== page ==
Well here’s a story that’s bound to generate a bit of controversy especially given our current political climate. I saw this on a newsstand as I was waiting for Naomi and the kids at the airport last week, and I had to do a double-take to make sure I saw the headline correctly. I’m not sure it’s exactly the kind of thing some in America are looking for when they seek to “get the bible back in the classroom,” but it’s a somewhat surprising argument to find in a major news magazine nonetheless. The following quote offers a summary explanation of sorts as to why such a “step back” might be a good thing:
To some, this idea seems retrograde. Citing a series of Supreme Court decisions culminating in 1963’s Abington Township School District v. Schempp, which removed prayer and devotion from the classroom, the skeptics ask whether it is safe to bring back the source of all that sectarianism. But a new, post-Schempp coalition insists it is essential to do so. It argues that teaching the Bible in schools–as an object of study, not God’s received word–is eminently constitutional. The Bible so pervades Western culture, it says, that it’s hard to call anyone educated who hasn’t at least given thought to its key passages. Finally, it claims that the current civic climate makes it a “now more than ever” proposition. Says Stephen Prothero, chair of the Boston University religion department, whose new book, Religious Literacy (Harper SanFrancisco), presents a compelling argument for Bible-literacy courses: “In the late ’70s, [students] knew nothing about religion, and it didn’t matter. But then religion rushed into the public square. What purpose could it possibly serve for citizens to be ignorant of all that?” The “new consensus” for secular Bible study argues that knowledge of it is essential to being a full-fledged, well-rounded citizen.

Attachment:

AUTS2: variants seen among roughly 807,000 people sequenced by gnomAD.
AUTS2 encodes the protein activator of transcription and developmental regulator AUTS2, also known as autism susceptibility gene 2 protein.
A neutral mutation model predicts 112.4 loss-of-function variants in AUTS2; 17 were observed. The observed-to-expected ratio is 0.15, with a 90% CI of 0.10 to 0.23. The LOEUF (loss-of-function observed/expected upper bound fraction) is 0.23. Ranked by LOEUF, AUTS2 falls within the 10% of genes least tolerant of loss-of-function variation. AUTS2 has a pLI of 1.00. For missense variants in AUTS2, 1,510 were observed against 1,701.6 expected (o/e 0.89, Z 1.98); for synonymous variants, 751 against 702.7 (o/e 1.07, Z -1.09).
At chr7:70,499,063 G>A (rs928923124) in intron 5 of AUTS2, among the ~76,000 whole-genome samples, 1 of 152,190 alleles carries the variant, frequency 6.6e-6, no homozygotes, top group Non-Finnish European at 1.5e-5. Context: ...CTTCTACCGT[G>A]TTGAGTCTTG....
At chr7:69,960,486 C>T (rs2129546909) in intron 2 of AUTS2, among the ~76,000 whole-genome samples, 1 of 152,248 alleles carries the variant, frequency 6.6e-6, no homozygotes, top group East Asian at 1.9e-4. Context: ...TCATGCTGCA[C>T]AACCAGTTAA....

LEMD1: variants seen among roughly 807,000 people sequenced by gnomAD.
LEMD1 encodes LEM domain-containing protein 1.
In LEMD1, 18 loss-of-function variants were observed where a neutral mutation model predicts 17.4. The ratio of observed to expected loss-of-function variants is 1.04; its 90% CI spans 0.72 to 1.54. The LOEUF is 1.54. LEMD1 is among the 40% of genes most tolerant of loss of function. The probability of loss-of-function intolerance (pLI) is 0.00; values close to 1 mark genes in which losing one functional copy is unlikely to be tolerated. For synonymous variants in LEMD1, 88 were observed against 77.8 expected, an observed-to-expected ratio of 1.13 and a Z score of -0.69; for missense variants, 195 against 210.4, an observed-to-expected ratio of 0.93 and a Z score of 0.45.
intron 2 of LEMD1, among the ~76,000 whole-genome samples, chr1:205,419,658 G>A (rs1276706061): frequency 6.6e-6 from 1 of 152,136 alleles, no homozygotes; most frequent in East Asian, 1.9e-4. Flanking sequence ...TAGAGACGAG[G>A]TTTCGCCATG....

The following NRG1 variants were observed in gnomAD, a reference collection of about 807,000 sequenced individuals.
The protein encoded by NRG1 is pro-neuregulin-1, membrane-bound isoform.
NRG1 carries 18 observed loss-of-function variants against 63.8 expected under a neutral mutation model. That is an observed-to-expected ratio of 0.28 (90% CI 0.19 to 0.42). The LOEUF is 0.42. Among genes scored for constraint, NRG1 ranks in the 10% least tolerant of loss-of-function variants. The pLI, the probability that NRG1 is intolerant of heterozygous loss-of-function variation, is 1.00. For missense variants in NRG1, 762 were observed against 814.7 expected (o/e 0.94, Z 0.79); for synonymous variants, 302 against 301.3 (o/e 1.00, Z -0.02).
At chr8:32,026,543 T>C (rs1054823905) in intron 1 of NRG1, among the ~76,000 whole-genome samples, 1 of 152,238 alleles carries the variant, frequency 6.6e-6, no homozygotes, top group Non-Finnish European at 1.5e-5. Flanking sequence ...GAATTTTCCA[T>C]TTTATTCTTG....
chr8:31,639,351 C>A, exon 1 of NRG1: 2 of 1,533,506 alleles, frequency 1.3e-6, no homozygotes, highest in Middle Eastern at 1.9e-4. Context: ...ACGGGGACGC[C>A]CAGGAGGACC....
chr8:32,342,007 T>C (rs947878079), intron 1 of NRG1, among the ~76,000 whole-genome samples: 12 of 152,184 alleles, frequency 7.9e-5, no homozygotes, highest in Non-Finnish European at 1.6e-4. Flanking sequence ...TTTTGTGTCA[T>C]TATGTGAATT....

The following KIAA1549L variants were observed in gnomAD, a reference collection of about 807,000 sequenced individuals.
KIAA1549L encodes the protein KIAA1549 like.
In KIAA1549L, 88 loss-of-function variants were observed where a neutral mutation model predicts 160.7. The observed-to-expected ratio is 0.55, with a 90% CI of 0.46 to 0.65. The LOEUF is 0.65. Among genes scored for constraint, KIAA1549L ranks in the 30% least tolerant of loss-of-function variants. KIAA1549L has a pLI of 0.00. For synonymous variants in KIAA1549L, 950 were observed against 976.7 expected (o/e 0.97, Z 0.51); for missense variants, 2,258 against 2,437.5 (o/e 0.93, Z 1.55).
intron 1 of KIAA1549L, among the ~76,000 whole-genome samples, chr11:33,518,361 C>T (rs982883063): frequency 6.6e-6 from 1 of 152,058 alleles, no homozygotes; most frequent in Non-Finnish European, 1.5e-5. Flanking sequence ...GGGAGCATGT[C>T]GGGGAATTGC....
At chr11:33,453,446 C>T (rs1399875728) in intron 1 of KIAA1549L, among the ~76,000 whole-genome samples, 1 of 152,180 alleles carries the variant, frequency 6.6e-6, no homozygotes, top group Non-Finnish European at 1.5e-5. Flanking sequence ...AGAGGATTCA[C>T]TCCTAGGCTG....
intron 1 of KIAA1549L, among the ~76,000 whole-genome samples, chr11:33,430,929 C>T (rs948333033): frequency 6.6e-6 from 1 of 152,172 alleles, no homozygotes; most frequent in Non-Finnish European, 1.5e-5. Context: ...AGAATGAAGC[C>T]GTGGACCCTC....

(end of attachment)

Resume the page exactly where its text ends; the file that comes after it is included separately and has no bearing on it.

In general I think this is a pretty good idea, although I don’t doubt that it would present endless opportunities for politicization and manipulation. In principle, I think that every educated person, regardless of their evaluation of it as a sacred text, should have some rudimentary understanding of how the bible has exerted a formative influence upon Western culture. In practice, I wonder if it would be possible to do so in such a way that would keep everyone happy in a modern pluralistic society. It will be interesting to see how this works itself out.
UPDATE: Here’s an interesting article on the politics of magazine cover decision making, specifically with respect to this issue (Thanks Becky).